Theorem stating the connection of limits of sequences and functions.

Following is the theorem I have been given for regarding the connection between limits of sequences and functions, in order to help decide whether a limit for a function does exist or not:

Theorem: Suppose that $f$ is a real function, defined on $(a−R, a)∪(a, a+R)$ for some $R \in R^+$. Then $\lim_{x\to a} f(x) = \ell$ if and only if $\lim_{n \to \infty}f(a_n) =\ell$, for all sequences $(a_n)$ such that $\lim_{n \to \infty}=a$ and $a_n \neq a$ for all $n \in N$.

My question is whether $a = \infty$ is allowed?

Also, does anyone know of any resources that can help me out with these questions, with examples and advice of how to choose such sequences, that will give the counter example necessary to show that the limit does not exist?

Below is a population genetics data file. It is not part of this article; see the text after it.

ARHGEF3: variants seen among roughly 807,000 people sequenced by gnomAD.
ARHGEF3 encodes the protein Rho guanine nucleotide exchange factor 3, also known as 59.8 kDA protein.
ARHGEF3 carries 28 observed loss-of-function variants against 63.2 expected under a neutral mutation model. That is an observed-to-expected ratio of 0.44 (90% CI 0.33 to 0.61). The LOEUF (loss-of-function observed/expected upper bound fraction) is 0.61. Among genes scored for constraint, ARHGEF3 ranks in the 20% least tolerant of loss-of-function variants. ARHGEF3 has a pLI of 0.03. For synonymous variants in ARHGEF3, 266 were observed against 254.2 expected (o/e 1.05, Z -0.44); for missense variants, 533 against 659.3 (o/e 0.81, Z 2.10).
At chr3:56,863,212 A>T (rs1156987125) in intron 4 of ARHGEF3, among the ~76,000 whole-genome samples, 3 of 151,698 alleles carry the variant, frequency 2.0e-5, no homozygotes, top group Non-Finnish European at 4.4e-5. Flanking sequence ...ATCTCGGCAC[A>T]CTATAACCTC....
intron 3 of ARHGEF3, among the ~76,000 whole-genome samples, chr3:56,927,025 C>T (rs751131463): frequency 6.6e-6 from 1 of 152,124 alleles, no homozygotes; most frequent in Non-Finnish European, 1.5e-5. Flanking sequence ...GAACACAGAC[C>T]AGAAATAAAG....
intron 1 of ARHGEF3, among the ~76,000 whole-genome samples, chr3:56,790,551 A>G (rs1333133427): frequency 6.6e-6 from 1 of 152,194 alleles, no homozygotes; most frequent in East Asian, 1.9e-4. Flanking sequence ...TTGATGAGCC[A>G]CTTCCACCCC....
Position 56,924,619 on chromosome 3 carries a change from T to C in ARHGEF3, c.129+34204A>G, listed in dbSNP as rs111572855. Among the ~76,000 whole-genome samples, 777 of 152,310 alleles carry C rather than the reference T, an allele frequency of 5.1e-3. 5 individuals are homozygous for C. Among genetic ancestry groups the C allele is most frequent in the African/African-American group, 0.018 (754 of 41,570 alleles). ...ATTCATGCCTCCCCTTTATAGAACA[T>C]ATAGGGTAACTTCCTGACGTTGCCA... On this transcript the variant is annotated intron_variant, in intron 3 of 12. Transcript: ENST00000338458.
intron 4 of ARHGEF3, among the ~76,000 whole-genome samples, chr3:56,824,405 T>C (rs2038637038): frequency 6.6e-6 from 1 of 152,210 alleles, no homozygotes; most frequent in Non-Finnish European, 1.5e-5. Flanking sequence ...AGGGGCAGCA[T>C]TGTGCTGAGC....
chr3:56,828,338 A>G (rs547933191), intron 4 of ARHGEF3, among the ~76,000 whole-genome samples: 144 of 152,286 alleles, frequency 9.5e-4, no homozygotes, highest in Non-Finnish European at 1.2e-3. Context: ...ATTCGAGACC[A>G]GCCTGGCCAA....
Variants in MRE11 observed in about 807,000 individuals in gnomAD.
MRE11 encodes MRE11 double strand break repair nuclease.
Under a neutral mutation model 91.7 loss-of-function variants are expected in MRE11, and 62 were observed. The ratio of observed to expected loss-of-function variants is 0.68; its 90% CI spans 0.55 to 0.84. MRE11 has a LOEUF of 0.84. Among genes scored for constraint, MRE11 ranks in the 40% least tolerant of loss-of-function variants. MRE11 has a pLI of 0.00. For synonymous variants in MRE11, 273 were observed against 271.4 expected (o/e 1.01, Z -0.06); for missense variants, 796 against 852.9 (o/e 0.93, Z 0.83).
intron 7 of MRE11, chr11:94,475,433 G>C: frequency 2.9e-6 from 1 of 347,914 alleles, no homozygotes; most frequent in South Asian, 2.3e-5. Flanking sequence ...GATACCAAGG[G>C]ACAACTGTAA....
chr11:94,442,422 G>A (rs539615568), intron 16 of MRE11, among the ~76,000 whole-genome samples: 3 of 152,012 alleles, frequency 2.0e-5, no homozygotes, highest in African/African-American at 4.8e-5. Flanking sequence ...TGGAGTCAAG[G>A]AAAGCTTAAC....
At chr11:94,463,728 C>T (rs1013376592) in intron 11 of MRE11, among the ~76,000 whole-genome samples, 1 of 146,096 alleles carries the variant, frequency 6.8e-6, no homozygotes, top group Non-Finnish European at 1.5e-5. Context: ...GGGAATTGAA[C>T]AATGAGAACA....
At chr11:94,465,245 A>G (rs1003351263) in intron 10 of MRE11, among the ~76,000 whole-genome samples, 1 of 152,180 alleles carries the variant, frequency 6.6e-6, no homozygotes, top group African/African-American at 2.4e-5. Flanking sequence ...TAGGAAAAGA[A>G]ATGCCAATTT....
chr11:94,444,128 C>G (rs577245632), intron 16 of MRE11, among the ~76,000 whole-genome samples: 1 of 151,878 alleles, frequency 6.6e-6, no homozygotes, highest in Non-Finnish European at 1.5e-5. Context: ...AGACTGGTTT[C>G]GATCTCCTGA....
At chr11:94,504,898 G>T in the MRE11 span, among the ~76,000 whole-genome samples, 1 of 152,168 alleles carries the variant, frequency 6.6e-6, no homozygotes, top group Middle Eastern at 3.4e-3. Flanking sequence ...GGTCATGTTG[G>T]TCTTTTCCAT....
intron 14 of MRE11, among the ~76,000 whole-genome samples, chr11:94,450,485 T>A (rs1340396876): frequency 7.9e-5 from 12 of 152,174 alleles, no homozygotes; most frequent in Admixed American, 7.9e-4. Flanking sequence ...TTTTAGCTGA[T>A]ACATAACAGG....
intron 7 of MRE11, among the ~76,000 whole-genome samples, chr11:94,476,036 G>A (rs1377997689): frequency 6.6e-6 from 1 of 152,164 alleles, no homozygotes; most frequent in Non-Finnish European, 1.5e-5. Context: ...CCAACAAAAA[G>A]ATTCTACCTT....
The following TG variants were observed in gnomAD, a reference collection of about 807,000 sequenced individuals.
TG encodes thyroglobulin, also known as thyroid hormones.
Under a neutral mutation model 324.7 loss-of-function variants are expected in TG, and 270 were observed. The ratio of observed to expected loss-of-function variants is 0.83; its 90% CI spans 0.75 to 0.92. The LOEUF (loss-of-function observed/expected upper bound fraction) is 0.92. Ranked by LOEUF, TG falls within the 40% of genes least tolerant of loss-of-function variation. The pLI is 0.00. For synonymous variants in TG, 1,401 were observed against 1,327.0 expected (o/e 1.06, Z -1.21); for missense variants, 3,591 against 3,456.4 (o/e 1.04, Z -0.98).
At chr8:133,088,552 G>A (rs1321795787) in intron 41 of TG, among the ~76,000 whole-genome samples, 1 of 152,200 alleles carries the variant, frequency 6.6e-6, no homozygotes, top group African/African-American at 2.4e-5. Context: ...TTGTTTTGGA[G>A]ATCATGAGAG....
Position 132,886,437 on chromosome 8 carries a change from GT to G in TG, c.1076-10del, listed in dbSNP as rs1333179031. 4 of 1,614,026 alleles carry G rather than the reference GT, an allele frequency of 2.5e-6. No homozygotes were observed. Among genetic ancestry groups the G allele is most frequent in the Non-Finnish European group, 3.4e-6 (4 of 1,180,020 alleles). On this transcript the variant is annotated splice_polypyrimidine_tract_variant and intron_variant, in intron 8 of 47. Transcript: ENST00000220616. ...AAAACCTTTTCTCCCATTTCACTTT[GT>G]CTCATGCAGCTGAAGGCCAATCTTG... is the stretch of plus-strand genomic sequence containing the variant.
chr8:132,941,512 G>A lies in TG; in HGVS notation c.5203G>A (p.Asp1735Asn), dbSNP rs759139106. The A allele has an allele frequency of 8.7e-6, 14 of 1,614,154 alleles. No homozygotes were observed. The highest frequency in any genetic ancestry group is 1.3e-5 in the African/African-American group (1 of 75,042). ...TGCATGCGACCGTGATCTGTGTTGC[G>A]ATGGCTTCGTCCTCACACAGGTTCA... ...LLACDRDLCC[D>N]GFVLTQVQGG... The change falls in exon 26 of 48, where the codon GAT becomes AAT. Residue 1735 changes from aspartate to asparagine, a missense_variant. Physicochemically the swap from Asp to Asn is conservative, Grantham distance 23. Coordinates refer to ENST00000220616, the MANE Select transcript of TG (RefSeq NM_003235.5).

• If $a=\infty$, what is $a+R$ and $a-R$?? – daw Aug 19 '18 at 13:25
• @daw Would it be just $\mathbb{R}$? – Gurjinder Aug 19 '18 at 14:13

It is true that if $\lim_{x\to\infty} f(x)= l$ then $\lim_{n\to\infty} f(x_n)= l$ for any sequence, $\{x_n\}$ such that $\lim_{n\to\infty} x_n= \infty$.
It is also true that if $\lim_{n\to \infty} f(x_n)= l$ for every sequence $\{x_n\}$ such that $\lim_{n\to\infty} x_n= \infty$ then $\lim_{x\to\infty} f(x)= l$.